Ask The Nth Factor … About Membership Programs

membership-card1In direct response fundraising, “membership” in an organization is often a symbolic donor status, but a highly effective means of articulating and cultivating donor relationships. A donor is someone who makes a gift, but a member is someone who belongs.

Membership conveys a sense of community, a basis for annual renewal and a framework for upgrading via membership levels. So depending on the type of organization you are, talking to your donors as “members” can make good fundraising sense.

But starting a membership program isn’t simple, and definitely shouldn’t be rushed. Consider this question I recently received:

“At our Board meeting yesterday there was some significant hesitation concerning our organization starting a new membership campaign. The issues raised were mainly about the amount of time it takes to administer the member program, and what percentage of funds is actually raised through members. The Board suggested instead that we print a donor form.”

Though I believe that a membership program would be a good strategy for this particular organization, the Board was right to be hesitant. They didn’t have enough information to make an informed decision. And no matter how urgent your deadline may be to create a new giving form (as was the case with this organization), creating your membership brochure before you’ve created your program is like putting the cart before the horse – it doesn’t work.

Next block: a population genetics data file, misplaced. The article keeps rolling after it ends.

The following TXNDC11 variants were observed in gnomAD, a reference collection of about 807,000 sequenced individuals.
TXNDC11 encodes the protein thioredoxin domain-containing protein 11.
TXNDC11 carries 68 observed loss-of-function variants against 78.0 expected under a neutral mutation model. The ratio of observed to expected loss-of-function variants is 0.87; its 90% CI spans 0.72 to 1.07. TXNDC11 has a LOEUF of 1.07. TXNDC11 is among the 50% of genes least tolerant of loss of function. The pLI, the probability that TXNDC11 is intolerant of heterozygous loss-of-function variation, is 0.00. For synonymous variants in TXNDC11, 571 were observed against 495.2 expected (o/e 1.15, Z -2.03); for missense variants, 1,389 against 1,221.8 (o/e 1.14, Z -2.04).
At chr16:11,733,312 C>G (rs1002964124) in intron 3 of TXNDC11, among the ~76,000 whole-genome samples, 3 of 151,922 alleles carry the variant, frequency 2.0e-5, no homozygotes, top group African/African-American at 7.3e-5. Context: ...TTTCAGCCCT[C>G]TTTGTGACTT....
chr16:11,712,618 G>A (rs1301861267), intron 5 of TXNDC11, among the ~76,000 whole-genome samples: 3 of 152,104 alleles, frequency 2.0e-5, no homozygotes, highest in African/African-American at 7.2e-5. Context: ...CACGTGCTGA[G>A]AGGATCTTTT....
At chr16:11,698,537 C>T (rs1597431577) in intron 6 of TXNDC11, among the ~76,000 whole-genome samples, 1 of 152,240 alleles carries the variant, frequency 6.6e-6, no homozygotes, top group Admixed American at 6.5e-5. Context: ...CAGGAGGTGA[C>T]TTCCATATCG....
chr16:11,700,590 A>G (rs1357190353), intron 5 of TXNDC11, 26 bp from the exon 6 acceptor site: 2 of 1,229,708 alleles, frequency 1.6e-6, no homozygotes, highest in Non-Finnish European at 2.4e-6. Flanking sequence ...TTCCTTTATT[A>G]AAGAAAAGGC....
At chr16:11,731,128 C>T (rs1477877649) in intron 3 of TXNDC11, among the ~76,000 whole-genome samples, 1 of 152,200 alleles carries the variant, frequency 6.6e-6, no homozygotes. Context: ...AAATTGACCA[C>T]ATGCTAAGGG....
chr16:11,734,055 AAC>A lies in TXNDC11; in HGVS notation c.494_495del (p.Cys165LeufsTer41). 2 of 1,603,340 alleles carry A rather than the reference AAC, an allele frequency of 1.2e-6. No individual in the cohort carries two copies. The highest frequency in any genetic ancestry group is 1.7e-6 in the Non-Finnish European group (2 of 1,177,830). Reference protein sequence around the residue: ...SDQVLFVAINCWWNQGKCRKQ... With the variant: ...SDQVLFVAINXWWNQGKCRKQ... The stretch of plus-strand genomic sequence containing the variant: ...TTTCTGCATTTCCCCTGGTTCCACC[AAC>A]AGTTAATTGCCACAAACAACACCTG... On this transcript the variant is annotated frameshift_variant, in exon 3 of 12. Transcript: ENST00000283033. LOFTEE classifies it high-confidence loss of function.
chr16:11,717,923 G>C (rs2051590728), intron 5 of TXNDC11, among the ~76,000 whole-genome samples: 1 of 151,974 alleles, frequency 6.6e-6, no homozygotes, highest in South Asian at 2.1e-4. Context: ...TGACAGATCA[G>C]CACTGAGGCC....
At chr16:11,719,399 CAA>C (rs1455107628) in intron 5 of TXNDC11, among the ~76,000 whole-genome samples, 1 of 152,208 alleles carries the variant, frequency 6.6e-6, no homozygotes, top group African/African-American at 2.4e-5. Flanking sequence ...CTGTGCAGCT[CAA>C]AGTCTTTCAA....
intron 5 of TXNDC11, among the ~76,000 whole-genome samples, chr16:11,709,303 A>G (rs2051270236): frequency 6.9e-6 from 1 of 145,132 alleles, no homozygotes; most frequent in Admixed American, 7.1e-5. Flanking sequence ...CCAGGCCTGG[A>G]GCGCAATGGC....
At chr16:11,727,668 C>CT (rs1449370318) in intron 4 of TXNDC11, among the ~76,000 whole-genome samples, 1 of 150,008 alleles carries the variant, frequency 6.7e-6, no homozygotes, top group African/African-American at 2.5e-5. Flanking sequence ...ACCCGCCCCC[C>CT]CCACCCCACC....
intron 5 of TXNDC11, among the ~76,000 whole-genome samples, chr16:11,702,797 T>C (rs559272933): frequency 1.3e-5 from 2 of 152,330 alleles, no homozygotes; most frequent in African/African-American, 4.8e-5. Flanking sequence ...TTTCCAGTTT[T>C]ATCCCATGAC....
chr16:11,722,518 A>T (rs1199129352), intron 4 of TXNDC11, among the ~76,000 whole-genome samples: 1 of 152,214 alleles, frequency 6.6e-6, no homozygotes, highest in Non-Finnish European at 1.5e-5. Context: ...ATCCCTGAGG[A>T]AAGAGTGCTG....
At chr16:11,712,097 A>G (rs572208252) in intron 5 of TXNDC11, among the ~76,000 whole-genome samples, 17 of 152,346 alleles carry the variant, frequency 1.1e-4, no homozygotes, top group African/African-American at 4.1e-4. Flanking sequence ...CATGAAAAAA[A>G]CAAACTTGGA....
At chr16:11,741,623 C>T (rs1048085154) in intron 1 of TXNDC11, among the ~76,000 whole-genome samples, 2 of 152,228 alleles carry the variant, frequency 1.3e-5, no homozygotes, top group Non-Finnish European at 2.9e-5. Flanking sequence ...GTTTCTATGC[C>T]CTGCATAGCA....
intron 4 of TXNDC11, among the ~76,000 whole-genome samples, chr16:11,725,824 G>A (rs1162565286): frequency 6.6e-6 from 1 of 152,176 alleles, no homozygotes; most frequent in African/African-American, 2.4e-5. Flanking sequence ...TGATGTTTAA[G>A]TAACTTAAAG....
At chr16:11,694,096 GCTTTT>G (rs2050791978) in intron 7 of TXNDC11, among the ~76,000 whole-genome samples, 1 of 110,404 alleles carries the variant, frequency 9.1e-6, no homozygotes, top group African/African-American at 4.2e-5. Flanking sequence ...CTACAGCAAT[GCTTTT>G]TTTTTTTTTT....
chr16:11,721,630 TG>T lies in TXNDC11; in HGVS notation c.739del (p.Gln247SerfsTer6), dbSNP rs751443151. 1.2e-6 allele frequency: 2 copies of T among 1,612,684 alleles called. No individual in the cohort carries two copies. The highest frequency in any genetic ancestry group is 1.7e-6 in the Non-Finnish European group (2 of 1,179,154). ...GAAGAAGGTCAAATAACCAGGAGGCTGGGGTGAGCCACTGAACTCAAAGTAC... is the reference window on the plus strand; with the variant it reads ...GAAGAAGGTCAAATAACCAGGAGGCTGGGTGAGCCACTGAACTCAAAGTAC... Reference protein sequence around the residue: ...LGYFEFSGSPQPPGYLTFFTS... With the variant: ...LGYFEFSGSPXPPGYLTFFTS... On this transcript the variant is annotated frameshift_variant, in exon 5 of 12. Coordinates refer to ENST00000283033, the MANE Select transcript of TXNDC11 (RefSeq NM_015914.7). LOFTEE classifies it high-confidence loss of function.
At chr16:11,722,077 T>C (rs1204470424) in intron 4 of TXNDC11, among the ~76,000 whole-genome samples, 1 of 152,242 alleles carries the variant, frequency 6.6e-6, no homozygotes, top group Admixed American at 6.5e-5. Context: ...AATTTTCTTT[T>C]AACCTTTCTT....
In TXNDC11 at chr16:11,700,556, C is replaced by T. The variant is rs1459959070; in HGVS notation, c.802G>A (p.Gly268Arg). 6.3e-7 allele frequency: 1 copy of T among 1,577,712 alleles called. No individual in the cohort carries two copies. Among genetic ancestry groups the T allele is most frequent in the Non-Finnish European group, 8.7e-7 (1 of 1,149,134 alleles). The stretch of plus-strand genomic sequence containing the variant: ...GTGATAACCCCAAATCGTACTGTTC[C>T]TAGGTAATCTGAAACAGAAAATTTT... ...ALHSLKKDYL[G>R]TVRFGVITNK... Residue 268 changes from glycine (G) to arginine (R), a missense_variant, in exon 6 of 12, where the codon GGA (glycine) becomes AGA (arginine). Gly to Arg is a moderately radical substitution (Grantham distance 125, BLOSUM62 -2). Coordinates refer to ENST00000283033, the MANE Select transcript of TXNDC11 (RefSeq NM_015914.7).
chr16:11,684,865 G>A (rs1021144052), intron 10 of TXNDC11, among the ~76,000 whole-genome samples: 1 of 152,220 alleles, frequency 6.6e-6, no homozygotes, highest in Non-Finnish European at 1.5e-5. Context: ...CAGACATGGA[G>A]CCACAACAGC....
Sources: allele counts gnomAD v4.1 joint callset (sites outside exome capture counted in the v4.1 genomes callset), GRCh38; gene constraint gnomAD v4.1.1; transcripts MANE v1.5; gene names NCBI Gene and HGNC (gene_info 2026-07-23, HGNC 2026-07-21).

So here’s what I wrote back:

“Once you’ve mapped out your program structure, it shouldn’t take more time to administer a good membership program than a good donor program. (The idea of “membership” in a nonprofit organization is often mainly a fundraising strategy.) Though I think this particular strategy would be a good fit for your organization, it does take time to plan a program well. That is, it’s more than just how you word and design your brochure. So if you’re really rushed to get a brochure ready, and if your Board isn’t fully on board yet, my suggestion would be to keep it general for now. But I’d suggest you continue to work on bringing your Board and membership program structure along for possible launch in the future.”

Which raises an important point when it comes to developing membership programs:

Every good membership program starts with a well thought-out plan – a formal document that articulates the program’s purpose, objective, goals and operating details. But a membership program only becomes reality – and succeeds – with organizational understanding of and buy-in to the program.

So thanks for a great question Jane! Have an experience with membership program development to share, or a question of your own? We want to hear from you! Email topics@nthfactor.com.

Have a great Labor Day weekend!


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